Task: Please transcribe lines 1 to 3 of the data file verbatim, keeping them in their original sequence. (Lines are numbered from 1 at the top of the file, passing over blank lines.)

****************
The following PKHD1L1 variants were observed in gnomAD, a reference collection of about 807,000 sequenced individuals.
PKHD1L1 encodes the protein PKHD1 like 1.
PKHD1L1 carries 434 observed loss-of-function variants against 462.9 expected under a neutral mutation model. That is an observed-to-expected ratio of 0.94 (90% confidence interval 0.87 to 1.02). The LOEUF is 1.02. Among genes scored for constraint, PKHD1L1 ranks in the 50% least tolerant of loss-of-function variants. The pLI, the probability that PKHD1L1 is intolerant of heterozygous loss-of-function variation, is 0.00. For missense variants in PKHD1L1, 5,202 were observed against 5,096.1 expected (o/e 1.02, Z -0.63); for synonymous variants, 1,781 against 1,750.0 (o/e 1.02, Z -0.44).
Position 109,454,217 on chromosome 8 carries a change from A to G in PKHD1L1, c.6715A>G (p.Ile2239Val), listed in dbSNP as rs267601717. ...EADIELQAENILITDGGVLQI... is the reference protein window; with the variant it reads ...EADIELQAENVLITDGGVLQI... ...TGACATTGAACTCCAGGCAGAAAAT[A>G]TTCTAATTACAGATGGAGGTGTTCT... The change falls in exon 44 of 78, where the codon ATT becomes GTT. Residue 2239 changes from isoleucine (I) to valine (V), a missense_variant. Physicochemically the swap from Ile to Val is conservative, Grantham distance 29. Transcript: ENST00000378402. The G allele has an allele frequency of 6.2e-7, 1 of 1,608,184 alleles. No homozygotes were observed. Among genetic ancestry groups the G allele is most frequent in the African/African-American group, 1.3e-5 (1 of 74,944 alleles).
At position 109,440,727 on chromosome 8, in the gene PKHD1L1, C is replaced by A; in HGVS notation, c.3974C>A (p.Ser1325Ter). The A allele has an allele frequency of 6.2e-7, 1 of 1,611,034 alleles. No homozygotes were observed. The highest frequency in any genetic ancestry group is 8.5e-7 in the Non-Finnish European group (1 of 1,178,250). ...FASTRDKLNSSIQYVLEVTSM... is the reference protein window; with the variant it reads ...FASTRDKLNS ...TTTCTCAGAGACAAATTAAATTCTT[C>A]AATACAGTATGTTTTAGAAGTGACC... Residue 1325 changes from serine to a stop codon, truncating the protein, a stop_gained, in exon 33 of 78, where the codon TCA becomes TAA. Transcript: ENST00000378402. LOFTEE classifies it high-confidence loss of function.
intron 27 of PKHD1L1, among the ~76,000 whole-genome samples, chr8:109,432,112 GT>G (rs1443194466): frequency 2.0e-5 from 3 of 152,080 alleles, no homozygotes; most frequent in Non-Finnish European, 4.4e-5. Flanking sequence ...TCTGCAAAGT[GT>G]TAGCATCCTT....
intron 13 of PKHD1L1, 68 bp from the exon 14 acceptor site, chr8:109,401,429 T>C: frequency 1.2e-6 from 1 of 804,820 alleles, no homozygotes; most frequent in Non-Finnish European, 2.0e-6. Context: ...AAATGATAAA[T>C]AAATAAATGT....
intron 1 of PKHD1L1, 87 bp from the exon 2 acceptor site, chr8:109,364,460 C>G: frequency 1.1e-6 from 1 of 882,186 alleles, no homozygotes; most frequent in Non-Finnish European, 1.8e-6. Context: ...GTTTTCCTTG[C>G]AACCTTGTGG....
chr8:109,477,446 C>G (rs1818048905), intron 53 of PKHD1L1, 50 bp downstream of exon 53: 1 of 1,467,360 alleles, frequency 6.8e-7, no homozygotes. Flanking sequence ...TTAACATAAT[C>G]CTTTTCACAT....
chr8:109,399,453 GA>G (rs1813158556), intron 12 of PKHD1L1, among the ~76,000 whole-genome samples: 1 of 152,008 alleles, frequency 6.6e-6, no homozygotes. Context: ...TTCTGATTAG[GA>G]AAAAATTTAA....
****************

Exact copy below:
The following PKHD1L1 variants were observed in gnomAD, a reference collection of about 807,000 sequenced individuals.
PKHD1L1 encodes the protein PKHD1 like 1.
PKHD1L1 carries 434 observed loss-of-function variants against 462.9 expected under a neutral mutation model. That is an observed-to-expected ratio of 0.94 (90% confidence interval 0.87 to 1.02). The LOEUF is 1.02. Among genes scored for constraint, PKHD1L1 ranks in the 50% least tolerant of loss-of-function variants. The pLI, the probability that PKHD1L1 is intolerant of heterozygous loss-of-function variation, is 0.00. For missense variants in PKHD1L1, 5,202 were observed against 5,096.1 expected (o/e 1.02, Z -0.63); for synonymous variants, 1,781 against 1,750.0 (o/e 1.02, Z -0.44).